‘Ricki and the Flash’: Strictly a lounge act

August 6, 2015


Jonathan Demme’s “Ricki and the Flash” is one of those near-misses that feels as though a lot of discussion went into the rationale behind every wrong-headed decision.

No doubt Demme (and screenwriter Diablo Cody) can explain why a failed singer playing in a bar band is someone we should root for. Ricki Randazzo (real name: Linda Brummel) is “in residence” at a dispiriting club on the farthest outskirts of actual show business in L.A. By day, she’s a check-out clerk at a high-end grocery store; by night, she’s singing Springsteen and Seger with a band that is competent in that just-falls-short way of the eternal lounge act.

Ricki isn’t Bad Blake in “Crazy Heart” because she never was a star. Her actual story begins to be teased out when she gets a call from her ex-husband, Pete Brummel (Kevin Kline), who still lives in Indianapolis, Ricki/Linda’s place of origin. Linda’s estranged daughter Julie (Mamie Gummer) is having something of a breakdown, because her husband has left her for someone else. Only a mother’s words — even a mother who hightailed out of Indiana to make it as a singer in California — can mend her broken heart.

Unfortunately, despite the fact that Meryl Streep makes this character as beguilingly ornery as she can, there’s little in Cody’s script that makes us believe that any of the people she left behind want her back in their lives. Pete is obviously acting on instinct; Cody, on the other hand, has stacked the deck against Ricki, daring her to dig her way out of a narcissistic hole. It’s hard to believe any of these people ever felt connected to this woman, let alone harbor deep resentments for past crimes.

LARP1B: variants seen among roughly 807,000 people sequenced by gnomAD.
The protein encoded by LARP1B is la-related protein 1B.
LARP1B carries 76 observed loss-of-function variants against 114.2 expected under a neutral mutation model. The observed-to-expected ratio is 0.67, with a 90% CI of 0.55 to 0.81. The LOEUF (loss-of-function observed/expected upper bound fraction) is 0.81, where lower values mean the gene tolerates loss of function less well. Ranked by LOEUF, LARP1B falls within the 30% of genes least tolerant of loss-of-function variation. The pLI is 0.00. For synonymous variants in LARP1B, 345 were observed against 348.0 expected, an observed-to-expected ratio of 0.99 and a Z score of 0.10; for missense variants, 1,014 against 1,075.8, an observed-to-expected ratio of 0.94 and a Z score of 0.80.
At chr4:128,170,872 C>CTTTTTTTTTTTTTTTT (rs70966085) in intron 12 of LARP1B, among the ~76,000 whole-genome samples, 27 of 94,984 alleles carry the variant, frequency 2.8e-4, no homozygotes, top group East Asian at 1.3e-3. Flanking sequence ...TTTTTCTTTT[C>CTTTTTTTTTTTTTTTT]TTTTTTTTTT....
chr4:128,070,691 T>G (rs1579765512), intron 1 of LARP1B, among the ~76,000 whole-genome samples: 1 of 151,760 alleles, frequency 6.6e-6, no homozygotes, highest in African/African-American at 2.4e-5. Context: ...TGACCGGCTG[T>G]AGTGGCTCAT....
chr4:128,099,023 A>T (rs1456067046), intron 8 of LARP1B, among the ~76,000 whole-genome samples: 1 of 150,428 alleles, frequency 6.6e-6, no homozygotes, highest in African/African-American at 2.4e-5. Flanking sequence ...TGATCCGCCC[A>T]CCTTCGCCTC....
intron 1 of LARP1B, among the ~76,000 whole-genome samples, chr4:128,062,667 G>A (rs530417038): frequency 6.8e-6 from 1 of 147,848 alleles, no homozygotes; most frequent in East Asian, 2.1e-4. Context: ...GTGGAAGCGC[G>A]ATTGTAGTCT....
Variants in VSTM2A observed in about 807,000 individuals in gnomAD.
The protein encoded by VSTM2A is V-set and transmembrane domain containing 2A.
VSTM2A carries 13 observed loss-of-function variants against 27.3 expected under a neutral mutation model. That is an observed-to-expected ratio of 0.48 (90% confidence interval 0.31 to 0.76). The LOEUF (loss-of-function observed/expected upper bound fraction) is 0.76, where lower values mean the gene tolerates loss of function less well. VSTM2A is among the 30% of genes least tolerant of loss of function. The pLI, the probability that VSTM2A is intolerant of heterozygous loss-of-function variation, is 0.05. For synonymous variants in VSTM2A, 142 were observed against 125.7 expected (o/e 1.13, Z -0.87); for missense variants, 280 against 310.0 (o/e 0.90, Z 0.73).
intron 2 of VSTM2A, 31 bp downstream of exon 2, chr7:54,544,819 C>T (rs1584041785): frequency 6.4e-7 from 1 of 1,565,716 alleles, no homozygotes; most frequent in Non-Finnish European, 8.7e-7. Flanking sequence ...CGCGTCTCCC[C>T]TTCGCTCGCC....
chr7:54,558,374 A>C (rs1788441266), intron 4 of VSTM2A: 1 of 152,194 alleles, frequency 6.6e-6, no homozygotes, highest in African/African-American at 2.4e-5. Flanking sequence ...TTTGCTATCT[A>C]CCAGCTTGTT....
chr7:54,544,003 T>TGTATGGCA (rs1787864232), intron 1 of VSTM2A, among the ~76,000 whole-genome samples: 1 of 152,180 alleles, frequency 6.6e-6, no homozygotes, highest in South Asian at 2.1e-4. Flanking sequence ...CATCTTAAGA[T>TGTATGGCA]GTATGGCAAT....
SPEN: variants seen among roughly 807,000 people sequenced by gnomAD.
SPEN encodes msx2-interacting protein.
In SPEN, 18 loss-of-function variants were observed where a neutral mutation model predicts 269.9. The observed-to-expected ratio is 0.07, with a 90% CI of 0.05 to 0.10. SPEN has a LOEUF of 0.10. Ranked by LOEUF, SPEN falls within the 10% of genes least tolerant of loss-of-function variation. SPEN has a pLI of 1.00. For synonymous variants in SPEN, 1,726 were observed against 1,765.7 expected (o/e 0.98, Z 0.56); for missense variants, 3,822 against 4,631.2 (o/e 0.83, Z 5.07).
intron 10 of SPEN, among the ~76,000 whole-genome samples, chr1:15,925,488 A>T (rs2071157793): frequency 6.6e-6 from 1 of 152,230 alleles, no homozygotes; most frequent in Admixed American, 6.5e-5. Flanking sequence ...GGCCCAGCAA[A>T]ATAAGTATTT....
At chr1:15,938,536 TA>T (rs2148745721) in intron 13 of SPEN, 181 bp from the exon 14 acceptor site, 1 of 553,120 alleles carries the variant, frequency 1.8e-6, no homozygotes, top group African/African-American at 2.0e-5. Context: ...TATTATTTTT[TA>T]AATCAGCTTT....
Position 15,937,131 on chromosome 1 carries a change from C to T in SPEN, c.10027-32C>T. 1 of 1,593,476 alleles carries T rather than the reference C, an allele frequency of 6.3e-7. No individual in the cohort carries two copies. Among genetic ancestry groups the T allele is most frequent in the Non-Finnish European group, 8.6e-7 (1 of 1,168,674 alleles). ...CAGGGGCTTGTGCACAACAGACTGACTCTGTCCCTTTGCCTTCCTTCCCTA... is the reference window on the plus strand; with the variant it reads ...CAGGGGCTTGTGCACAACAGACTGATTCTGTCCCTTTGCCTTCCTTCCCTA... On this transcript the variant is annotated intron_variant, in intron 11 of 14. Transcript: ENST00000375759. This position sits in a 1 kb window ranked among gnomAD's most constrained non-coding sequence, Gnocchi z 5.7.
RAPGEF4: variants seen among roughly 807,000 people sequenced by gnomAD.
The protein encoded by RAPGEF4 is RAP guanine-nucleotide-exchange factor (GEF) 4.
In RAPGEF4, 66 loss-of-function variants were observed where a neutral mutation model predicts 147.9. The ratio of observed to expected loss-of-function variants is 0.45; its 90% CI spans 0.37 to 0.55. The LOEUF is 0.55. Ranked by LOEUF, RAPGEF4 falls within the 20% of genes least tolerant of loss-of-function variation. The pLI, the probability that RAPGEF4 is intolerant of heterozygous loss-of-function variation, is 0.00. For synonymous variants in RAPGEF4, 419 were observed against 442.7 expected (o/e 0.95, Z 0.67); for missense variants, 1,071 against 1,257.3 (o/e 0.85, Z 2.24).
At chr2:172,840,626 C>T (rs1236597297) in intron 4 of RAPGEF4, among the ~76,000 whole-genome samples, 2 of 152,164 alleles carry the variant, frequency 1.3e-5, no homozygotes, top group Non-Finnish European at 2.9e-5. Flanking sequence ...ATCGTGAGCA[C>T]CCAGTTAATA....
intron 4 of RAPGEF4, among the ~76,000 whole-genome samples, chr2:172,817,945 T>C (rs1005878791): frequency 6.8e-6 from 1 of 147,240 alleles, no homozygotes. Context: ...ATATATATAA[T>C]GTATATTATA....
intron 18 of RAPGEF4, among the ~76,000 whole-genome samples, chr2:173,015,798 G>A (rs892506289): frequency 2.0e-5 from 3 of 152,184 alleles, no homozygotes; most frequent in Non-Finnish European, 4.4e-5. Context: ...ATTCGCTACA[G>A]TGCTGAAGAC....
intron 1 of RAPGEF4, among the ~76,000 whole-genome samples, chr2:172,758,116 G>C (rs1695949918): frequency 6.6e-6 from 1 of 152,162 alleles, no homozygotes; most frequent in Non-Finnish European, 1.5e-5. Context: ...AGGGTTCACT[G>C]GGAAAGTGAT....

The script is thin to the point of being insubstantial. Ricki isn’t much on introspection, so we are meant to believe that she’s really only her truest, best self when she’s banging out cover tunes for a sloshed (and tiny) bar-room audience. The magic is in the music; the music is her soul. Blah blah blah.

This isn’t a long film, but it slows to a crawl every time Demme ceases forward motion to let Ricki and the Flash have their way with a song by Pink or Tom Petty or U2. It doesn’t matter that she’s got a pretty good group, including Rick Springfield (as guitarist and lead romantic interest in an underwritten part), Bernie Worrell and other actual rockers. The songs are meant to reveal character but Ricki is too much in denial about who and what she is to ever be so on-the-nose with her musical self-exploration.

Still, thanks to the skill of a cast that includes Sebastian Stan and Nick Westrate (as her sons) and a script that gives Streep and Gummer some intense mother-daughter moments that allow both to shine, “Ricki and the Flash” isn’t terrible, just disappointing. Demme wants that jagged, breathless, desperate energy that he achieved in “Rachel Getting Married,” but Cody’s script is too weak to get him there.

Music heals but, in “Ricki and the Flash,” it is expected to have magical powers, including the ability to patch over gaping holes in the script. No such luck, I’m afraid.

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